Digital Advent calendar is filled with fun surprises

A friend just gave me a delightful Christmas present. It's the Jacquie Lawson Edwardian Advent Calendar, an $8 download from JacquieLawson.com.

Besides something special on each day, it has other activities. In a beautiful living room with colorfully wrapped presents, for example, I found an undecorated Christmas tree. I clicked it to choose lights, ornaments and more. Then I clicked the presents to reveal games. One led me to fascinating versions of solitaire, including one with cards of the same suit and color. I then solved a puzzle that turned into a beautiful painting, and clicked a music book to reveal the wondrous tunes I was listening to.

When the program first opens, click the star on the outside of the building, then the three dots, then the question mark. It will show you everything. You can even change the furniture.


I wish I were in Smyrna Beach, Fla., the shark capital of the world. Then I could test the new "Sharkbanz 2," a $140 shark-protection band that can be worn on the ankle or wrist that just came in for review.

Both former President Barack Obama and Meta (Facebook) Chief Executive Officer Mark Zuckerberg have been seen wearing it. They're still here, so I guess it works. A user said: "Two months ago while free diving the Florida Keys, a sizable bull shark approached me from below, rather deliberately to say the least. He veered off about two or three yards from the Sharkbanz on my ankle and swiftly darted away."

The Sharkbanz, which has won awards from The Weather Channel, Popular Science and Forbes Magazine, uses no batteries. Instead, it generates a magnetic field strong enough to overwhelm a shark's senses, forcing it to flee.


A friend wanted to show me something on her iPhone but couldn't figure out how to get back to the home screen. She needed a home button. I'd be lost without mine.

Here's how to add it: On an iPhone, go to "Settings," then "Accessibility," then "Touch," then "Assistive Touch" and turn on the "Assistive Touch" option. On an Android, go to "Settings," then type these words in the search box at the top: "Gesture Navigation." When it comes up, tap it. Then tap to turn on "3-button navigation."


After going to a retreat for health nuts in North Carolina, I decided to stay connected through an app called Marco Polo that was set up by one of my fellow campers. It makes it easy to leave video messages for individuals and groups.

It's a little like Zoom, but more convenient. Instead of joining a meeting at a set time, you can send a video clip any time you want, to be viewed any time they want. Just tap a friend's photo or a group's logo, then tap the camera icon to record. If you want to replay a video, just tap its thumbnail icon. All the videos you've watched previously are right there. It's great for dramatic moments, like a baby's first steps. To delete a recording, just press and hold its thumbnail photo. You get unlimited video storage with the $60 paid version.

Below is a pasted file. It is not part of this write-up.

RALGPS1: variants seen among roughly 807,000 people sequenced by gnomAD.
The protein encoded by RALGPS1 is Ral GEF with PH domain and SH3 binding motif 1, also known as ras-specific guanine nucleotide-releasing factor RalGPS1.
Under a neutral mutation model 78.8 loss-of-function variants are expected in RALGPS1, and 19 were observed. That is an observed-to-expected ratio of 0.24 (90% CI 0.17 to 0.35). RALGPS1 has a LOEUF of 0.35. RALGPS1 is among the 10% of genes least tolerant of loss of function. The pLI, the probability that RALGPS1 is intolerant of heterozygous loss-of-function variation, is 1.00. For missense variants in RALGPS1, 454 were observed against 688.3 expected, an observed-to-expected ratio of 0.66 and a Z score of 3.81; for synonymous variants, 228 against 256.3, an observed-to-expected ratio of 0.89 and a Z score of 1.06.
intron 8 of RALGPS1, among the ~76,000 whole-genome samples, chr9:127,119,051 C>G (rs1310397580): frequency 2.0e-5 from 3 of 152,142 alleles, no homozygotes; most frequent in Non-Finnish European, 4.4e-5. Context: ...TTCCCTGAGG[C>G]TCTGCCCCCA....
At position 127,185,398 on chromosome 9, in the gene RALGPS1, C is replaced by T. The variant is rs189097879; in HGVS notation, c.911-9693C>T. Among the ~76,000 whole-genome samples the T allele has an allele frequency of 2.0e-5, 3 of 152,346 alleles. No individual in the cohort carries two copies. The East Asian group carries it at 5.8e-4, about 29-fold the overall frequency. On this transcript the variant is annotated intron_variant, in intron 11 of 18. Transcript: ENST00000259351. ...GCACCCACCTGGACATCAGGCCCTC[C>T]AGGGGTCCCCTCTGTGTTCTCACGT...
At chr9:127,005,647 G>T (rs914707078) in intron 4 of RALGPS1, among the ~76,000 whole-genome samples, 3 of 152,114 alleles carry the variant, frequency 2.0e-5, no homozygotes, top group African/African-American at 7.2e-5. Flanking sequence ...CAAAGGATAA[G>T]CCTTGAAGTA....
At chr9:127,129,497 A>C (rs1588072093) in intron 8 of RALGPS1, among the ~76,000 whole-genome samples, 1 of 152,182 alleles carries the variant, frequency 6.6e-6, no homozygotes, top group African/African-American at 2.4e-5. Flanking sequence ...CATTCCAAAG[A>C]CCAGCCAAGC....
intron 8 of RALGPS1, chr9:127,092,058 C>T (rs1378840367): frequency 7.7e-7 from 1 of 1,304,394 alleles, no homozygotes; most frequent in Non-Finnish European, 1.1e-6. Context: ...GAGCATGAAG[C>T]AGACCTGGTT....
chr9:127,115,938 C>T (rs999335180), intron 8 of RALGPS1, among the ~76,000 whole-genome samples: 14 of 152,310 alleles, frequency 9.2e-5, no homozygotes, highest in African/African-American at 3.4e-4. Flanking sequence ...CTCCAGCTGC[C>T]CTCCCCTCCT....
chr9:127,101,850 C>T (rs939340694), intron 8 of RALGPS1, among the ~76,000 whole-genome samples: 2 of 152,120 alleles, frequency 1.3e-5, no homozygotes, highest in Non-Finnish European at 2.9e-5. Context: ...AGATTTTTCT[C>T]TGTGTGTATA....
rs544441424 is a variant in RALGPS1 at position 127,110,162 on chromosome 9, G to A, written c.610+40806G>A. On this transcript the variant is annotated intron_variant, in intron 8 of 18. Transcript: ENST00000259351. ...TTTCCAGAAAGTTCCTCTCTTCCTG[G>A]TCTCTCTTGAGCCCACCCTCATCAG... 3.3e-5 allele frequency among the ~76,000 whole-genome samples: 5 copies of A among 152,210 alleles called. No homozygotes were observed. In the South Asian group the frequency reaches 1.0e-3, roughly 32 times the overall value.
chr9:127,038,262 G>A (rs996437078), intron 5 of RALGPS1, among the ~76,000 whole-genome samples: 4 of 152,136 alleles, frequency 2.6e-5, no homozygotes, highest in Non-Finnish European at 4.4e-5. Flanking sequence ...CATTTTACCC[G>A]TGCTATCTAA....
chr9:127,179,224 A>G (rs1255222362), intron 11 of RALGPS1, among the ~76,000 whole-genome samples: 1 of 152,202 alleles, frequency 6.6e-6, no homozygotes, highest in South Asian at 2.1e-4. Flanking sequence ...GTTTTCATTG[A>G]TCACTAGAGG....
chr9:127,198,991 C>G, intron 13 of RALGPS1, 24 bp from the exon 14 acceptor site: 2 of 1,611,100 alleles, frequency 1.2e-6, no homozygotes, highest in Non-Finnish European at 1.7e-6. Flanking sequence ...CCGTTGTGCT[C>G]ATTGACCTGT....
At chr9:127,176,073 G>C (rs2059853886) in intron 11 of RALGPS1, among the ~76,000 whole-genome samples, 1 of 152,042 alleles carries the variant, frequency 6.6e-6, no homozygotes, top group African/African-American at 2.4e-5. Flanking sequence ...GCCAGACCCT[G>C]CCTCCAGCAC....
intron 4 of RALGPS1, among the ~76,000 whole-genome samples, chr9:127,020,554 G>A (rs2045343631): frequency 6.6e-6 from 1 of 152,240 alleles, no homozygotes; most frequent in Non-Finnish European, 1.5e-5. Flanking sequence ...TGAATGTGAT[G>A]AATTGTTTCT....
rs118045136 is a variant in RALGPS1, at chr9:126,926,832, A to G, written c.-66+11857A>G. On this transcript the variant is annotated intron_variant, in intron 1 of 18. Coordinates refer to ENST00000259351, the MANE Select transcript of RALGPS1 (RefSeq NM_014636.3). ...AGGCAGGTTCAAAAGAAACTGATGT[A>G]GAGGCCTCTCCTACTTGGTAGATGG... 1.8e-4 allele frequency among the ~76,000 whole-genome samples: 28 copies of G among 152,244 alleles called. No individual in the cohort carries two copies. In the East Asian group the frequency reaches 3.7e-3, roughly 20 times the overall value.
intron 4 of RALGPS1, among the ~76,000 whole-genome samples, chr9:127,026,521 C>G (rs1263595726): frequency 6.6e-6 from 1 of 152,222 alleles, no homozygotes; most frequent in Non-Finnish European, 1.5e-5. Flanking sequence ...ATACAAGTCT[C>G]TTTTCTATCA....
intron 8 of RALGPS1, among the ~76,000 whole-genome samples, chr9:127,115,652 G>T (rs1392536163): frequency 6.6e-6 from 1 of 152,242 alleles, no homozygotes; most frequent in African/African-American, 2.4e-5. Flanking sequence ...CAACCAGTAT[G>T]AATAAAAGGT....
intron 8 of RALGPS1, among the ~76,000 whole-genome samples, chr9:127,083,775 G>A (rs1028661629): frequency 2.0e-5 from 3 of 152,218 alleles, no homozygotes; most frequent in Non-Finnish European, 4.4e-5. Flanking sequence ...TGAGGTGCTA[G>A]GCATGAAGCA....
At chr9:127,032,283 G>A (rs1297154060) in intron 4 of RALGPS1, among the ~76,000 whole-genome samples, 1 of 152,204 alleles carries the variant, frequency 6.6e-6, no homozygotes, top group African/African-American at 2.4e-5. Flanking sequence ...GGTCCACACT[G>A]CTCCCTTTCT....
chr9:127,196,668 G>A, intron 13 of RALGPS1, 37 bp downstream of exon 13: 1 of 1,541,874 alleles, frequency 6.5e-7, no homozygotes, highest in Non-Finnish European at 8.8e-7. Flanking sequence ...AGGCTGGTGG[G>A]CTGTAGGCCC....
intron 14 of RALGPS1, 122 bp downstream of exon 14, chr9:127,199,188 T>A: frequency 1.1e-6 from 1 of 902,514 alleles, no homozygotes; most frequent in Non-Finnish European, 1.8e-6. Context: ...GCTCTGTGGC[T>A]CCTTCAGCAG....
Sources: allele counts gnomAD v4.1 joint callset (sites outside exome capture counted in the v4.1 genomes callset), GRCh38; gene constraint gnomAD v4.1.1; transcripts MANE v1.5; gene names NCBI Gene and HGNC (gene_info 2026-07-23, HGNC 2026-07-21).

Sending a video is sort of like shouting "Marco," and hearing someone call back "Polo," with their own video clip. So far, I haven't been able to resist adding my own two cents. For more info, do a search on "How to get started with Marco Polo - Video Chat for Busy People."


A recent video I took came out sideways. So Googled "rotate video" and got a free tool from Clideo.com.

Unlike Adobe Photoshop's mind-numbing menu, each tool at Clideo.com does just one thing, so I don't get lost. Just click and it's done. Besides rotating my video, I used their trim tool to whack off the extraneous stuff at the beginning and the end. It's so simple, I'm amazed that it's free.


Sometimes, after I've just watched a great YouTube video on my phone, I want to share it, but by then, YouTube has already gone on to the next one. If this happens to you, or if you're trying to recall something you watched from a week ago, go to myactivity.google.com. It will show you every video you've seen, everything you've searched for and every site you've visited.


Amazon now offers eight free courses on artificial intelligence. Some are for business people, others are for techies. Do a search on "AI Ready Amazon" to find the courses and register.

The courses include how to build an AI-ready organization, how to use Amazon's AI code generator and more. Amazon also provides AI scholarships to more than 50,000 high school and university students who take courses at Udacity.com.


To find a photo you might want to use in a letter or card, do a Google search on an image, such as "beautiful sunset." When you click the three vertical dots in the photo's upper right, select "About this image." It will name the websites where the image appears. I found a fantastic, downloadable sunset from Etsy.com, the craft site, for $1.29.


"21 Best Personalized Gifts Worth Ordering Early." Search on that phrase to see CNET's list. I especially like the cutting board with a family recipe etched into it.

Joy Schwabach can be reached by email at [email protected].

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